Having released three terrific power-pop albums that enjoyed critical and hipster acclaim but not as much commercial success, Brendan Benson has earned a significantly higher profile of late as the second-billed star behind Jack White in the Raconteurs. The classic guitar-rock aesthetic of the supergroup doesn’t necessarily give Benson an opportunity to show off his exceptional ear for vintage, Beatles-inspired pop, so he seems to have taken his fourth album, My Old, Familiar Friend, as an opportunity to expand the scope of his trademark sound. He brings a decidedly Motown influence to “Garbage Day,” and there’s an aggressive stomp to the percussion on “Don’t Wanna Talk,” even when it breaks into a sing-along “la la la” chorus, while “Gonowhere” and “Feel Like Taking You Home” recall the ‘70s AM radio pop of Todd Rundgren and Wings without ever descending into simple mimicry.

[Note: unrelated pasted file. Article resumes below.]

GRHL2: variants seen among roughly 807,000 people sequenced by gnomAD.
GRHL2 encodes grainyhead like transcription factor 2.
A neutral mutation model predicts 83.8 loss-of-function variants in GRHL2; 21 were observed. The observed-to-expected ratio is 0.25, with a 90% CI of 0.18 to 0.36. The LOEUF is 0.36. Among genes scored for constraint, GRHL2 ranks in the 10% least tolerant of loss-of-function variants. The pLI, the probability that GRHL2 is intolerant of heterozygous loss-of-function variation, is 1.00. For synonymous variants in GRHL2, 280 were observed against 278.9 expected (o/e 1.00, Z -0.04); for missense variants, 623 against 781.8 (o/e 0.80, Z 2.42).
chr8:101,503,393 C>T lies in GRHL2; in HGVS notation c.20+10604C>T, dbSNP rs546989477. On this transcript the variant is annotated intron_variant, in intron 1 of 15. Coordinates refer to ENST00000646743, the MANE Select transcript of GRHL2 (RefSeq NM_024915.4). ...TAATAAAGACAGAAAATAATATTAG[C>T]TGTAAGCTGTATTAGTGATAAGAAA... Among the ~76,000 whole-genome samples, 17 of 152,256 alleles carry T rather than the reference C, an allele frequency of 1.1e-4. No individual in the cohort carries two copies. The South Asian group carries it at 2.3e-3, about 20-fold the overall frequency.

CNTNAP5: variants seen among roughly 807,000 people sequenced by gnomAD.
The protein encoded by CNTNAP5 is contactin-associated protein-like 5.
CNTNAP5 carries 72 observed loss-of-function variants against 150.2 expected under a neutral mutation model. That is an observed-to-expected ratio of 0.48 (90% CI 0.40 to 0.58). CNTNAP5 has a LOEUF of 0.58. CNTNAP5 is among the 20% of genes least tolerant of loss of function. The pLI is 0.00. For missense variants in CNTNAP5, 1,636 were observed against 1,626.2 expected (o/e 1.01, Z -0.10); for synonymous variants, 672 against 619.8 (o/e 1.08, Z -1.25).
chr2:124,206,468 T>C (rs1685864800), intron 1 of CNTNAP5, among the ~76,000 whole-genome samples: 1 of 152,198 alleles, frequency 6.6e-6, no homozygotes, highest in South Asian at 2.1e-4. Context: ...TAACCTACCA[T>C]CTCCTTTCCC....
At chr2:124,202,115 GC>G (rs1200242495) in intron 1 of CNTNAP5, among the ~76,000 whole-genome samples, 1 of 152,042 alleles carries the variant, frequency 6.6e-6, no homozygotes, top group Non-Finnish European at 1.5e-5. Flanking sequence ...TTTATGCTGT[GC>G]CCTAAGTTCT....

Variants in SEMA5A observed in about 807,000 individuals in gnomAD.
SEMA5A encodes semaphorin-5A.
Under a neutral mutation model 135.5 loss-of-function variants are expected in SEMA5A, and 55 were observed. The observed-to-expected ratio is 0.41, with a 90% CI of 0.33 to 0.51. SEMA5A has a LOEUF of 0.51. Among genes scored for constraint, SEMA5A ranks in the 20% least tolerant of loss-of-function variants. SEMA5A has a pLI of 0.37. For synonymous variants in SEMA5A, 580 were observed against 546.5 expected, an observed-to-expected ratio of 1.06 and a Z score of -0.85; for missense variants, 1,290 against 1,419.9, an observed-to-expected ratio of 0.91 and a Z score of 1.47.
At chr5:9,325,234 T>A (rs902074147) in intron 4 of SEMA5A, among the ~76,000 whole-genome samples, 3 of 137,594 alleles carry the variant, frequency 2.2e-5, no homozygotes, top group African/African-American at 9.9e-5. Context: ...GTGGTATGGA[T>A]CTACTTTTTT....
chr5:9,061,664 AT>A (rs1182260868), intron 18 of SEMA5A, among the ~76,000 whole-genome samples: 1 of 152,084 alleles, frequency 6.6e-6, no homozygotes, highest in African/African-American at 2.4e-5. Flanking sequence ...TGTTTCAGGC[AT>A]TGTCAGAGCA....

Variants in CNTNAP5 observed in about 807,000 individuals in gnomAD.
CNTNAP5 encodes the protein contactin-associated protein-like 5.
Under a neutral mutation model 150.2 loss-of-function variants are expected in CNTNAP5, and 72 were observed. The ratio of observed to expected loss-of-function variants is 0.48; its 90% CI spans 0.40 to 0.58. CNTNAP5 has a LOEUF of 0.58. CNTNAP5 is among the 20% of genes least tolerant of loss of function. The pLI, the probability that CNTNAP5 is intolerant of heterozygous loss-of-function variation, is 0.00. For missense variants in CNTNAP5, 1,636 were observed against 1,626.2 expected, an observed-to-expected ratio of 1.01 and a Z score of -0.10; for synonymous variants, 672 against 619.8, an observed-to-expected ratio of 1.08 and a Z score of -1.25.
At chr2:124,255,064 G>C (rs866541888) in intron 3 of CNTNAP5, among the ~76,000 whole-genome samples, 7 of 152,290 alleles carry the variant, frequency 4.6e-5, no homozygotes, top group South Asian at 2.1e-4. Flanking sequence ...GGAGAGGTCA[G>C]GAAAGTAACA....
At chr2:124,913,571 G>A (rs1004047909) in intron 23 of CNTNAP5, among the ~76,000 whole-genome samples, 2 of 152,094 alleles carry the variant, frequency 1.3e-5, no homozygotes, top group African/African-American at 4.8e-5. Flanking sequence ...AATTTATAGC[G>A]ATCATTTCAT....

Benson’s songwriting is on point for much of the record: Opener “A Whole Lot Better” strikes a tricky balance between post-breakup rage and romantic infatuation as he sings, “I fell in love with you/And out of love with you/All in the same day.” “Lesson Learned” and “Poised and Ready” find Benson at his wittiest and his most intense. Beneath the cheerful sounds and powerful hooks, Friend seethes and writhes. That underlying intensity works against the record, though, because the arrangements of the songs often sound overworked. Having a bigger production budget isn’t the problem, but there’s a fussiness to the songs that’s stifling. “Eyes on the Horizon” and the new wave-infused “Feel Like Taking You Home” never quite get off the ground. But even at its stuffiest, Friend is a power-pop record that never skimps on the power.